TalkRadio doubles down insisting you CAN GROW CONCRETE after host’s awkward quip to eco-activist draws mockery

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A hostile interview by TalkRadio with an environmental activist quickly took a turn toward the bizarre, with the host ultimately dunking on the guest’s statement that you “can’t grow concrete.” Yes, you can, the station insists.

What happened on TalkRadio on Tuesday was arguably one of the outstanding examples of trainwreck interviews. The conservative station invited a spokesman for the controversial eco-group Insulate Britain, infamous for causing regular traffic jams in the UK by closing highways. Some activists glued themselves to roads to stall police response.

The guest, Cameron Ford, didn’t have much of a chance to make the case for his movement, as host Mike Graham instantly adopted an accusatory tone. He inquired about Ford’s occupation, which turned out to be a carpenter, and asked: “How safe is that for the climate?”

Mike's interview with Insulate Britain spokesman Cameron lasts less than a minute.@Iromg | @InsulateLovepic.twitter.com/yJS7DheACq

— talkRADIO (@talkRADIO) October 26, 2021

The activist started explaining that timber is a renewable carbon-capturing material that is actually quite good in that department, but Graham would not have it. He insisted that “killing trees” cannot possibly be good for the environment. The two sparred over which building materials can be grown, with Ford pointing out that “you can’t grow concrete.”

“You can,” Graham responded emphatically, leaving Ford speechless. The interview, which by that time had lasted for less than a minute, was then wrapped up by the host.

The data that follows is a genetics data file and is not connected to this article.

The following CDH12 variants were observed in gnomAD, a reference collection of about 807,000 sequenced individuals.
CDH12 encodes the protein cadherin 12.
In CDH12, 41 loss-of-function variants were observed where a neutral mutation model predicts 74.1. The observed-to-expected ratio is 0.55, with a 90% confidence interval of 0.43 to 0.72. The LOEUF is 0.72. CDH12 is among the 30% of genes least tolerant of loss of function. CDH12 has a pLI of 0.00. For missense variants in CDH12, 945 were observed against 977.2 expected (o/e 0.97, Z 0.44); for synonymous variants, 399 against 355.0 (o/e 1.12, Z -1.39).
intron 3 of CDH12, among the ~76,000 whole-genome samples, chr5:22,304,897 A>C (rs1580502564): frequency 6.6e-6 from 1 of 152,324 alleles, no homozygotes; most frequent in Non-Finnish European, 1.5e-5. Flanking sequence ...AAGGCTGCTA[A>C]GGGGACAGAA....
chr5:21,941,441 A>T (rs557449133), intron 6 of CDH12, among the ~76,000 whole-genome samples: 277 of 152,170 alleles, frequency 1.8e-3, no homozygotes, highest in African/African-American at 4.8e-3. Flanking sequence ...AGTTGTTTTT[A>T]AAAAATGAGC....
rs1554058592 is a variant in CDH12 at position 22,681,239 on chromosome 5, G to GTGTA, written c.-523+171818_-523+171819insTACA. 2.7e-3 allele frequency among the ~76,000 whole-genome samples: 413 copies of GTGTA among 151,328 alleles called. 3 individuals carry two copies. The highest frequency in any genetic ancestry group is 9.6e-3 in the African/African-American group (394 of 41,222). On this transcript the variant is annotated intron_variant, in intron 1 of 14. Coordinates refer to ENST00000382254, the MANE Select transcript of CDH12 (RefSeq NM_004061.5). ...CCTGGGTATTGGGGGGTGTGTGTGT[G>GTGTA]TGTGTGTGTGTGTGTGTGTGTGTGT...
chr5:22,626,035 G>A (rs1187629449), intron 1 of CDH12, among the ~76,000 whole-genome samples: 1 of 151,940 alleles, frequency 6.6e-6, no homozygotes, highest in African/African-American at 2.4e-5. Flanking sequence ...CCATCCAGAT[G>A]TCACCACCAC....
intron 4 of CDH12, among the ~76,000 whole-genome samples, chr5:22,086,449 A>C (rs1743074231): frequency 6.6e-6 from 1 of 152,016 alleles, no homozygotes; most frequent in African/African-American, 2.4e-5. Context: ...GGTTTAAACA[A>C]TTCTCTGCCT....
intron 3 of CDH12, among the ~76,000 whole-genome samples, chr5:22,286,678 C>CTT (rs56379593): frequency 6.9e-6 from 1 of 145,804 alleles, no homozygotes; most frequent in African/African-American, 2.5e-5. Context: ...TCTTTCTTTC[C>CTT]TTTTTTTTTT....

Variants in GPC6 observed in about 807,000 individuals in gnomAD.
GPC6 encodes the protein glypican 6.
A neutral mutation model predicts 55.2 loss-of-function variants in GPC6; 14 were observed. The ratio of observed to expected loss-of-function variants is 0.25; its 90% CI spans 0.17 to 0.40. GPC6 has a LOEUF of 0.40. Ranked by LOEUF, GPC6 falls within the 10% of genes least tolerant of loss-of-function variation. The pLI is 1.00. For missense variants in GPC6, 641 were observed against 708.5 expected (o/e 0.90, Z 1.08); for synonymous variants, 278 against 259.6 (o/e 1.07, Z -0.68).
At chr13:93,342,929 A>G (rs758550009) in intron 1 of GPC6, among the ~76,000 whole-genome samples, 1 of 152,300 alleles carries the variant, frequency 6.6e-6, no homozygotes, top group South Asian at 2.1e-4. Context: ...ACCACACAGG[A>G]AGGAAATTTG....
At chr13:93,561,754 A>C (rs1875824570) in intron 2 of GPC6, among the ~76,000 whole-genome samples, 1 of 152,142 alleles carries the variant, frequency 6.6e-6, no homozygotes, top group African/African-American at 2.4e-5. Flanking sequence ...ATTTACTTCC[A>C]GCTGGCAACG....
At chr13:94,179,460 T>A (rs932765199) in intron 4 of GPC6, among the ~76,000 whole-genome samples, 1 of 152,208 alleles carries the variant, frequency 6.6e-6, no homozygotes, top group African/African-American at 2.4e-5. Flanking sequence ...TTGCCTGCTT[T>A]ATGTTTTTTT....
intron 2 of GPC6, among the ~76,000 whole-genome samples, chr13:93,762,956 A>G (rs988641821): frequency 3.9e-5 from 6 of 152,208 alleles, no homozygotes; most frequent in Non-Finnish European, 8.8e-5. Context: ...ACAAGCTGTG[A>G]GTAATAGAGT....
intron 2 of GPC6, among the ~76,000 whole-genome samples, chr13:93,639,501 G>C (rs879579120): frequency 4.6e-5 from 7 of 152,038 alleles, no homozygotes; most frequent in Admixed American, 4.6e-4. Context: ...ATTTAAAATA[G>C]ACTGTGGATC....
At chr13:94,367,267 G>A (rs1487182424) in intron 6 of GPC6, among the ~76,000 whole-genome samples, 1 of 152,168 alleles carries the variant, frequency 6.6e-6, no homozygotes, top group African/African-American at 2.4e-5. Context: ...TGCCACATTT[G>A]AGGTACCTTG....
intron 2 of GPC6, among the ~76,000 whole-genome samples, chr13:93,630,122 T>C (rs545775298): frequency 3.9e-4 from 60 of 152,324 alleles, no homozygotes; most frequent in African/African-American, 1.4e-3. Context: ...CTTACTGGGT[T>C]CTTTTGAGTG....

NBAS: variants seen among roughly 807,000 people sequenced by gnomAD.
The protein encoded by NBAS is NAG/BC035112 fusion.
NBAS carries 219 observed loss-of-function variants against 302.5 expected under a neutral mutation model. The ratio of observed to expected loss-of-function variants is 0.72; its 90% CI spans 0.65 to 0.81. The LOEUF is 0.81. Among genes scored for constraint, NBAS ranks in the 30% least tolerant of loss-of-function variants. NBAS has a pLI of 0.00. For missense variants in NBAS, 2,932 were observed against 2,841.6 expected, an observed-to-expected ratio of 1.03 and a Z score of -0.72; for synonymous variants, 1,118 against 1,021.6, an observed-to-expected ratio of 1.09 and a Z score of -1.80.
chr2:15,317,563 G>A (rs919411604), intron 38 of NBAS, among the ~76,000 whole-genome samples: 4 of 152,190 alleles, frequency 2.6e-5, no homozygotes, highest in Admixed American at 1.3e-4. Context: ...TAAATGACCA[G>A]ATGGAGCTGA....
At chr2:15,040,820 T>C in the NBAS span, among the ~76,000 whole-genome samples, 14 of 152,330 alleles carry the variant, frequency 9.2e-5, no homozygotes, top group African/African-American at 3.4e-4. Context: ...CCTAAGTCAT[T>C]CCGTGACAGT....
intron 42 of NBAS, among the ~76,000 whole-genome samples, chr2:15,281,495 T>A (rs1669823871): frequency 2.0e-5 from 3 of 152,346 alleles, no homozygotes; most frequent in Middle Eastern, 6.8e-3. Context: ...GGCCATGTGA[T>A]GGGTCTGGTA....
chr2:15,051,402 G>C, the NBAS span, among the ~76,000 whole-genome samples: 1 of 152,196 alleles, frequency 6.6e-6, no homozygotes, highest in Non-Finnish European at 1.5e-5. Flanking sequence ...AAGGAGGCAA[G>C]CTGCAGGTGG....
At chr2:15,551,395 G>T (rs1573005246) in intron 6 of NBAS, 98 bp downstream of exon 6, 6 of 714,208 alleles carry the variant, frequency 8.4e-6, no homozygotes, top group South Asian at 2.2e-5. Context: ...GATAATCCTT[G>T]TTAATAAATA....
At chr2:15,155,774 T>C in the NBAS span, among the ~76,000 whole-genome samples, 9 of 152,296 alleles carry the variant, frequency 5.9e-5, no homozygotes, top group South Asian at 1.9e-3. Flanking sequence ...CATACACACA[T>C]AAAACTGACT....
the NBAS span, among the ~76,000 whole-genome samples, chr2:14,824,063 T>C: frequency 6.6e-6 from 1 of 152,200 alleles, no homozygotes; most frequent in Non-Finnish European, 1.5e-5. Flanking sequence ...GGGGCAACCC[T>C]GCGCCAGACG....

Mike: "It turns out you can actually grow concrete."Futurist Tom Cheesewright: "Yes, you can grow stone and effectively turn carbon dioxide in to a variety of stone like materials. In the fundamentals of the process, you are correct."@Iromg | #insulatebritain | #ConcreteMikepic.twitter.com/4qiTAydQwL

— talkRADIO (@talkRADIO) October 27, 2021

The sheer awkwardness of the exchange has proven to be a gold mine in terms of viewer engagement, spreading across social media like wildfire. TalkRadio enjoyed a hefty share of that attention. It featured the clip in a compilation of “failures” by Insulate Britain, asked people if they agreed that concrete can be “grown” (at least “metaphorically”) and pointed attention to a study, in which material dubbed “living concrete” by researchers was produced with the help of bacteria. The latter is not expected to substitute actual concrete since its properties are closer to that of mortar.

Meanwhile, people not convinced by the semantic gymnastics bombarded the outlet with a wave of mockery. Many posted images of “concrete seeds” and of what may grow if they get “planted.”

Just been out to get myself some concrete seeds… pic.twitter.com/4t0Q5dYvjI

— David Taylor (@DavidTaylorYork) October 26, 2021

See a lot of you laughing about this very serious issue, one our local allotment holders planted a couple of concrete bushes around 4 years ago and now look at it, wake up people. pic.twitter.com/WYBwqqVbO7

— Eldritch Costello (@LittlShyningMan) October 26, 2021

My Xmas tree will look stunning this year. Grew it myself. pic.twitter.com/Er86vYKCVp

— Ryan Blair (@ItsRyanBlair) October 26, 2021

One commenter asked Graham for advice on concrete gardening while another one shared a photo of “a giraffe calmly eating one of its favourite trees” – i.e. a yellow demolition crane at work.

To be fair to @talkradio and Mike, can I ask their expert opinion. Is this Dutch Concrete disease? pic.twitter.com/ZHfZsFGZeW

— Callum James (@callumjames72) October 26, 2021

I just passed by a giraffe calmly eating one of its favourite trees. pic.twitter.com/dWEEQgjJv7

— Secretary of State for Socially Uncaring Health (@HUncaring) October 26, 2021

Concrete is basically a mixture of aggregates like sand or gravel, water and cement, usually with various admixtures, which hardens after being poured. It’s by far the most-used building material on Earth and is obviously not grown in the sense that trees can be grown. Cement production is a major source of greenhouse gases, accounting for an estimated 8% of carbon dioxide emissions, so it’s quite natural for an environmental activist like Ford to view concrete with suspicion.

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